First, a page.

A recent press story that was published in the New York Times says that bad corporate culture could destroy Zynga. The article talks about how Zynga intimidated staff into returning stock options and also mentions lawsuits against EA and Activision brought by their employees. In all of these companies what is not being questioned is “what” they make or “what” they do, but “how” their people go about doing it, and “who” this says they are. What is implied is that, in the end, if customers don’t like the people, they won’t want to use their products.
Companies need to care more about “who” and “how” because of how actively consumers connect with brands, companies, and the people behind them. On the Internet, news travels not just fast, but superfast. The world is increasingly transparent. Netflix recently announced a customer service policy change that was unpopular. They rapidly shed customers and the value of their stock plummeted nearly 80%, trimming the company’s value by more than $12 billion. Before this misstep it looked like Netflix could do no wrong.
As the game industry goes to the web and becomes increasingly viral, we are shifting from products to services. The industry used to have a phrase, “ship it and forget it”. But with live online services, the true business now begins only after the public begins to use a new game and gives us feedback about it. And these services involve millions of daily interactions with our customers. Customers notice how responsive we are and how they are treated, and they’re going to talk about it and it’s going to go viral. To be competitive we have to behave better than our competitors. We need to develop healthy ecosystems both internally and externally. A first and basic need is for our employees to collaborate. I also think that even with competitors, we need to look for more new ways to connect, share, cooperate and build value as collaborators. Because of the nature of the Internet it is possible for many companies to collaborate and make new ecosystems that are better for everyone.
I’ve always believed in building a strong corporate culture. Back at Apple in 1979, the founders asked me to lead a committee to define Apple Corporate Values, which we defined for the first time. And from then until I left in 1982, I gave a weekly speech to our new employees as the company grew from 50 people to 4,000. I think that giving attention to corporate values helps sustain the right culture as an organization grows. Managers can incorporate “who” people are and “how” they behave in recruiting new staff and rewarding and promoting existing staff. I took the same approach when I founded Electronic Arts. Time and leadership changes are going to modify organizations but even after 30 years both of these companies are alive and well.
At Digital Chocolate, I worked with my early employees to choose key values that would fit into an acronym. To my amusement, they waited until I was out of the room to organize them into the acronym, “EIEIO”, which helps us keep our sense of humor. Our key values are Excellence, Innovation, Energy, Integrity and Ownership. We want to do things well and we have made over 100 award-winning games. We’ve always focused on originating our own IP (Intellectual Property) and we’ve built a culture that has the courage and trust to do it well. We are very passionate about what we do, and it takes tremendous energy and commitment to tolerate the industry’s high pace of change. Integrity is very important to me. We have a one-class work society that is an open, transparent, fair, empowering, egalitarian, and team-oriented meritocracy. For example, I have always insisted that every employee must have stock options so that we are all owners. We’ve had to make extra legal efforts with the governments of India, Spain, and Russia to make this happen. Many other companies would not have cared or would have given up. We bring that same attitude to how we value and prize our customers. Finally, we are determined to hold ourselves accountable to each other and to our customers. We strive to do the right thing and to follow through on our commitments. We respect each other and our customers. Frankly, we’re grateful.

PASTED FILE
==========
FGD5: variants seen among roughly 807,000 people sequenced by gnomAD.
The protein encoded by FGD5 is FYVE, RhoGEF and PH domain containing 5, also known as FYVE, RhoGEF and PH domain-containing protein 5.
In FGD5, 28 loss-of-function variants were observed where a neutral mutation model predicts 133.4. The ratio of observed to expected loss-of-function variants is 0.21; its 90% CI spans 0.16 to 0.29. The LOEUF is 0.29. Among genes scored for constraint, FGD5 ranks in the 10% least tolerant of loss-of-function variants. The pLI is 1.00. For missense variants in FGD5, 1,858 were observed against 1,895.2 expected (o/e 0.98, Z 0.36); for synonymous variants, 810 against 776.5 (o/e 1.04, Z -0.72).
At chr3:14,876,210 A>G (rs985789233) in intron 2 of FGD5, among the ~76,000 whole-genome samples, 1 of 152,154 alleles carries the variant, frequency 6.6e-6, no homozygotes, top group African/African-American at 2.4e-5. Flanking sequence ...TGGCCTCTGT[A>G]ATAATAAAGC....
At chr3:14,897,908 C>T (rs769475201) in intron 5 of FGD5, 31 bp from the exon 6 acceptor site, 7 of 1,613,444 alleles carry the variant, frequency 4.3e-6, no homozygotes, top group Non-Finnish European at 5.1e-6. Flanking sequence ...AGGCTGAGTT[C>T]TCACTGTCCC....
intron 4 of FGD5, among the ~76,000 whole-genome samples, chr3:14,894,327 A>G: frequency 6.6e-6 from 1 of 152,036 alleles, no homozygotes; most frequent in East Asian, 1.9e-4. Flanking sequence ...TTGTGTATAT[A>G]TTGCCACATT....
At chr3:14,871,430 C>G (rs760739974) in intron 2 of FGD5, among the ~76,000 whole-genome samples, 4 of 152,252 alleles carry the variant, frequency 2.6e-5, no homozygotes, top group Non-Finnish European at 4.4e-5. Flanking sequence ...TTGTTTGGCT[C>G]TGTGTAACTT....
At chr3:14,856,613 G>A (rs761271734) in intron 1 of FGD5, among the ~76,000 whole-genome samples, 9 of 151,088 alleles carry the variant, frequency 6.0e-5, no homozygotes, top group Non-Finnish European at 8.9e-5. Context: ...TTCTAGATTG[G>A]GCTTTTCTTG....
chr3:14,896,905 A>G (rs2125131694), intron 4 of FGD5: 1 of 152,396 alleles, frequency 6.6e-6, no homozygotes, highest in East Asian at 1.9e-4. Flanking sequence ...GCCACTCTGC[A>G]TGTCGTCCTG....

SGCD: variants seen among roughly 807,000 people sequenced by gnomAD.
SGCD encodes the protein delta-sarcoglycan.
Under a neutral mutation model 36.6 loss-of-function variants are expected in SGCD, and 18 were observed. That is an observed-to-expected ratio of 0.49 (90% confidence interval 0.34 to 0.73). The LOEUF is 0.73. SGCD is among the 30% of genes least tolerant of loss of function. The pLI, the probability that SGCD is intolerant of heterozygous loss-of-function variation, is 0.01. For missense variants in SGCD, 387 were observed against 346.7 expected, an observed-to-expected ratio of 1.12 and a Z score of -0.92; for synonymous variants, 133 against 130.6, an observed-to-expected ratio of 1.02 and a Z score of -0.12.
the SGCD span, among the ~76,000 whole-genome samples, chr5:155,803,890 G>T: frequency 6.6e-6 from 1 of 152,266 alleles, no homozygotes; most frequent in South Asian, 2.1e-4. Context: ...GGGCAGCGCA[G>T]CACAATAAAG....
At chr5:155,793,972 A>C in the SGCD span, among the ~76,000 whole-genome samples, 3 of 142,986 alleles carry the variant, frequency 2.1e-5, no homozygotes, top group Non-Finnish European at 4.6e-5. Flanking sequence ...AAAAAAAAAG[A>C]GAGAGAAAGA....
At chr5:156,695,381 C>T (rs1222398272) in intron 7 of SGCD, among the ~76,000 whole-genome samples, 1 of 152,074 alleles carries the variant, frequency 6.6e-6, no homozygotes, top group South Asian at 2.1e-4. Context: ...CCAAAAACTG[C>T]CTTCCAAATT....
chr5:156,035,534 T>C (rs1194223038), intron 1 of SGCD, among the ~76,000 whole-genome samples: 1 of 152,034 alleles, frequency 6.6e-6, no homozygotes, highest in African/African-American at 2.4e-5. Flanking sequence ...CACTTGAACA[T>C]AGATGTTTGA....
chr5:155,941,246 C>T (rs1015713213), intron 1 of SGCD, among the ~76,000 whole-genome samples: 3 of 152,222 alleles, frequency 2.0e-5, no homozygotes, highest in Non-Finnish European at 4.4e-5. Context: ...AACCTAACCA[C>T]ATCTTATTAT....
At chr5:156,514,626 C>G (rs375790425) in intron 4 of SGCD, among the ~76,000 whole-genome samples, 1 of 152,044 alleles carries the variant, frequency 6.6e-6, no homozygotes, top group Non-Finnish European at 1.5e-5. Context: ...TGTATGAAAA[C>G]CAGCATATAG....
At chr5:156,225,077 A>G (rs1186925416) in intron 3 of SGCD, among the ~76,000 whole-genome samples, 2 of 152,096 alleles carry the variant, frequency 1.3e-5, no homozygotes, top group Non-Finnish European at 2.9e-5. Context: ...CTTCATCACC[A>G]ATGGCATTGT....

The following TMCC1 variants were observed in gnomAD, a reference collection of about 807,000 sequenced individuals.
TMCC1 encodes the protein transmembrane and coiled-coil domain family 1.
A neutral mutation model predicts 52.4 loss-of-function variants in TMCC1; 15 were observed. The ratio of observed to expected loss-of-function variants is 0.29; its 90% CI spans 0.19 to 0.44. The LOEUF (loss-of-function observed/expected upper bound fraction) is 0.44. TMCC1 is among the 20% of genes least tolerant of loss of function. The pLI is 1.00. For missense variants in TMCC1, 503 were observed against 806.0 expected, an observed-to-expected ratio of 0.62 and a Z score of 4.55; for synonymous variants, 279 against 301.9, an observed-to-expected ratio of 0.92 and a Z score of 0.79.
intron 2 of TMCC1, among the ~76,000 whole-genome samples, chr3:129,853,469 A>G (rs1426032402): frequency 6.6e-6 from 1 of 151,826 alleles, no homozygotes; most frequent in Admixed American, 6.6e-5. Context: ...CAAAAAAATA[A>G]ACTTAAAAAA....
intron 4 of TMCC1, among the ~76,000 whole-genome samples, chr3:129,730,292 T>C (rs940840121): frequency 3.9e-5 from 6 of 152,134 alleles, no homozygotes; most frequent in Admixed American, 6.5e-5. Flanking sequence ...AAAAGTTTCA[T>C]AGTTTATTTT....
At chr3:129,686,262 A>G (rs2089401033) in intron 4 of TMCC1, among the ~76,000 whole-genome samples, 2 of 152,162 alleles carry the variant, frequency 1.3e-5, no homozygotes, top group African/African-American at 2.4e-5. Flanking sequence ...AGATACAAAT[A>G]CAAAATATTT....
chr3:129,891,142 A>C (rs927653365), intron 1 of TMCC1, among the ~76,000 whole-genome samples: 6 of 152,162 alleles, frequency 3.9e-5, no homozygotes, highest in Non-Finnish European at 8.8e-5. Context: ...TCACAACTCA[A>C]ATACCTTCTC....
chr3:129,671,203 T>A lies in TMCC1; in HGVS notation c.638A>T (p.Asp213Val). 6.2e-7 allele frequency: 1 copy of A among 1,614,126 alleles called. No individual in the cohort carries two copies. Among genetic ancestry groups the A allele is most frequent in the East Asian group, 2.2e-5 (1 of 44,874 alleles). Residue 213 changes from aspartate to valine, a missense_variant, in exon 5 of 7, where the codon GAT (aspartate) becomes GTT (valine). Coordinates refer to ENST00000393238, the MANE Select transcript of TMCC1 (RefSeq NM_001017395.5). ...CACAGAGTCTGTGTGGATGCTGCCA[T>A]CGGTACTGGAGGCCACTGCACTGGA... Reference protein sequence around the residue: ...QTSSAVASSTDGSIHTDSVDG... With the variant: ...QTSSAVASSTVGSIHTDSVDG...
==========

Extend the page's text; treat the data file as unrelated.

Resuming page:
The book, Creating a Business You’ll Love, has a great story by Howard Schultz of Starbucks. They didn’t think their espresso was good enough so they closed all their stores two hours early one day in order to do a massive live training session. They admitted to their customers that their service wasn’t good enough. And they actively chose to lose money in 7,100 stores for those two hours. I don’t think there is any doubt that their brand and trust grew enormously from this commitment and dedication to caring for their customers.
In the game industry shift from product to service, it’s no longer about the game; it’s about the customer experience. And the customer experience involves rapid feedback loops between our players and our employees. We all need to tune up our organizational cultures to match up with this; and our customers need to be included as members of our team. We need to feel their needs, respond and align with them. The key purpose is to build trust among and between our employees and our customers. That will be the future of great brands.